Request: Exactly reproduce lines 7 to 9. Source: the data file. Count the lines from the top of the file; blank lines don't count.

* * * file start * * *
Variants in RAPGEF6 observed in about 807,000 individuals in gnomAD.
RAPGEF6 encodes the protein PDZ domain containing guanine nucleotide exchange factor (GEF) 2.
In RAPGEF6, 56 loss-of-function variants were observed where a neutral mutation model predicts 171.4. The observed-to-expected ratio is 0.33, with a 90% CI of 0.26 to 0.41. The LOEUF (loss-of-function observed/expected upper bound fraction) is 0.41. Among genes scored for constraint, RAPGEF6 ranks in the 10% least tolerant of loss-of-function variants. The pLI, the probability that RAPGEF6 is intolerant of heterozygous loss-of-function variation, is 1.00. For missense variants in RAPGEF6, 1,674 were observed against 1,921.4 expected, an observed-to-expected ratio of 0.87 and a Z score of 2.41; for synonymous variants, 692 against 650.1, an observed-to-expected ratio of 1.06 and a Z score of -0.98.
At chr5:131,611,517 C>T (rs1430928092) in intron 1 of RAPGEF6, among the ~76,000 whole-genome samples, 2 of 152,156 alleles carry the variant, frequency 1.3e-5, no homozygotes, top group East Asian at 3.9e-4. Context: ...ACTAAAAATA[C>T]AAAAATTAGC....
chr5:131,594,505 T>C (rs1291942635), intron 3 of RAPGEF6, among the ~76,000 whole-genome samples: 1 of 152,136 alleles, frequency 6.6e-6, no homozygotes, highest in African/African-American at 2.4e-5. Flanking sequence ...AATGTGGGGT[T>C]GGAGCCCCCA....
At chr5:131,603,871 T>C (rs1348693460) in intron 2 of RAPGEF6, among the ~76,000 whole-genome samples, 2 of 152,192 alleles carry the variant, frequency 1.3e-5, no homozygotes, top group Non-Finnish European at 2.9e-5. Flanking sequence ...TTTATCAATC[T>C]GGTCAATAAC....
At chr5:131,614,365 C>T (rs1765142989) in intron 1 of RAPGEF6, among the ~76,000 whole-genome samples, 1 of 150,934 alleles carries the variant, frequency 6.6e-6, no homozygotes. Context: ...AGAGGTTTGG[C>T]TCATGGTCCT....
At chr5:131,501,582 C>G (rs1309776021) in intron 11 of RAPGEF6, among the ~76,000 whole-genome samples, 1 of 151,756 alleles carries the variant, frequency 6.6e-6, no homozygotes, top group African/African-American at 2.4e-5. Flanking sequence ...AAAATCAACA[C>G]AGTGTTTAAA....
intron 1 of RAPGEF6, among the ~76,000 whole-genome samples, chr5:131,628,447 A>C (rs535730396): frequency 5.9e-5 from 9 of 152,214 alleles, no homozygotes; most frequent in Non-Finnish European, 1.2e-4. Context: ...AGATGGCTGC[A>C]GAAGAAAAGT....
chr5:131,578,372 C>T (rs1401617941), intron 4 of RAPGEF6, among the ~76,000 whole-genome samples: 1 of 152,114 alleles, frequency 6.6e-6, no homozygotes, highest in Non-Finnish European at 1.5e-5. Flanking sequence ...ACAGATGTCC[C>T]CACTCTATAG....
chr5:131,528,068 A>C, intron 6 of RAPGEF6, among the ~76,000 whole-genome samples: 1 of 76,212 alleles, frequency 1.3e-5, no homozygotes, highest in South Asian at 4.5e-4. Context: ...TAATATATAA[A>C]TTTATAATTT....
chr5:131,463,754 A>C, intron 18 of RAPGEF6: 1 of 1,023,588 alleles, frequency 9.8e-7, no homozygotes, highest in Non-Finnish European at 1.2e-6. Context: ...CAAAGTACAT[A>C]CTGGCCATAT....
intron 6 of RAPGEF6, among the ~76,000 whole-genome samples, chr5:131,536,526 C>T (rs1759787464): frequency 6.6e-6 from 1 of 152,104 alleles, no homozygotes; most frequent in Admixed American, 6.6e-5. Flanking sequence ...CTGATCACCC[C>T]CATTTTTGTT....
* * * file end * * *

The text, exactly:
At chr5:131,614,365 C>T (rs1765142989) in intron 1 of RAPGEF6, among the ~76,000 whole-genome samples, 1 of 150,934 alleles carries the variant, frequency 6.6e-6, no homozygotes. Context: ...AGAGGTTTGG[C>T]TCATGGTCCT....
At chr5:131,501,582 C>G (rs1309776021) in intron 11 of RAPGEF6, among the ~76,000 whole-genome samples, 1 of 151,756 alleles carries the variant, frequency 6.6e-6, no homozygotes, top group African/African-American at 2.4e-5. Flanking sequence ...AAAATCAACA[C>G]AGTGTTTAAA....
intron 1 of RAPGEF6, among the ~76,000 whole-genome samples, chr5:131,628,447 A>C (rs535730396): frequency 5.9e-5 from 9 of 152,214 alleles, no homozygotes; most frequent in Non-Finnish European, 1.2e-4. Context: ...AGATGGCTGC[A>C]GAAGAAAAGT....